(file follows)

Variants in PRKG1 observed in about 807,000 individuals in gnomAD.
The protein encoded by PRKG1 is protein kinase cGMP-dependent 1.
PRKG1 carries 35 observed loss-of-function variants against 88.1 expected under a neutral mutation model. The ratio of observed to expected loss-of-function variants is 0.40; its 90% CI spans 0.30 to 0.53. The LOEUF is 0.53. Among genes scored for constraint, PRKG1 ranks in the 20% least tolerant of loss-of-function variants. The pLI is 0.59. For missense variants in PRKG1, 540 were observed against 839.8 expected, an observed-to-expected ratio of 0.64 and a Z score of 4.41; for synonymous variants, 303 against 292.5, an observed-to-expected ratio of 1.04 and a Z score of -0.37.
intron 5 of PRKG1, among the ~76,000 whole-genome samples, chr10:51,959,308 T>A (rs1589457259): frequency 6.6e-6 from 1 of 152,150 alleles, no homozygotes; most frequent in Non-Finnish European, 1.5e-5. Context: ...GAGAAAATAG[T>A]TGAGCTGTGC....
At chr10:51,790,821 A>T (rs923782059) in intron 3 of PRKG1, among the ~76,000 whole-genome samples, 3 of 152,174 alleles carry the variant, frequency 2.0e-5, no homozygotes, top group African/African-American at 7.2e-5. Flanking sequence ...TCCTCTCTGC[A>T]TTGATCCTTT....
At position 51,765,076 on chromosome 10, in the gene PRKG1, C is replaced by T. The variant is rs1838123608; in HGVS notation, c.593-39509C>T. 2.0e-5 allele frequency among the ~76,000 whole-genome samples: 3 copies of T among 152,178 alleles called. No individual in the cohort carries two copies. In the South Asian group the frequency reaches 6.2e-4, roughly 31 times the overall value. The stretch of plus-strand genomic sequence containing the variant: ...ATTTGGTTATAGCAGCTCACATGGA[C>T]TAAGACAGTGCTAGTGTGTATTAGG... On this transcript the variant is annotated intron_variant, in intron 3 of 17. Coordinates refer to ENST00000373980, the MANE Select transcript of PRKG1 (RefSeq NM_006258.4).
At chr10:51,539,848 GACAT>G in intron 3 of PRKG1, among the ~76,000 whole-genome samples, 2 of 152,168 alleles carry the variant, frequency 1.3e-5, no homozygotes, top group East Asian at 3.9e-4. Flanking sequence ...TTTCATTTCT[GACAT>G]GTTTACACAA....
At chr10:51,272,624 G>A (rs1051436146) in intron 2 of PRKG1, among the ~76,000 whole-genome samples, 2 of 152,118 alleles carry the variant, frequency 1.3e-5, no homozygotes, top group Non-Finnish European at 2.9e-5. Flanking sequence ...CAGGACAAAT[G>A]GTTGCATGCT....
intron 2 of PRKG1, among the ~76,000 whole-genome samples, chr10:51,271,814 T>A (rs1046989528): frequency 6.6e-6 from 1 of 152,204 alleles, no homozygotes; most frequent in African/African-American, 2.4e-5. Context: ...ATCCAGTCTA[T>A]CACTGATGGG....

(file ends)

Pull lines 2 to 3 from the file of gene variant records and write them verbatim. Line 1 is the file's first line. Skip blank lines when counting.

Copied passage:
The protein encoded by PRKG1 is protein kinase cGMP-dependent 1.
PRKG1 carries 35 observed loss-of-function variants against 88.1 expected under a neutral mutation model. The ratio of observed to expected loss-of-function variants is 0.40; its 90% CI spans 0.30 to 0.53. The LOEUF is 0.53. Among genes scored for constraint, PRKG1 ranks in the 20% least tolerant of loss-of-function variants. The pLI is 0.59. For missense variants in PRKG1, 540 were observed against 839.8 expected, an observed-to-expected ratio of 0.64 and a Z score of 4.41; for synonymous variants, 303 against 292.5, an observed-to-expected ratio of 1.04 and a Z score of -0.37.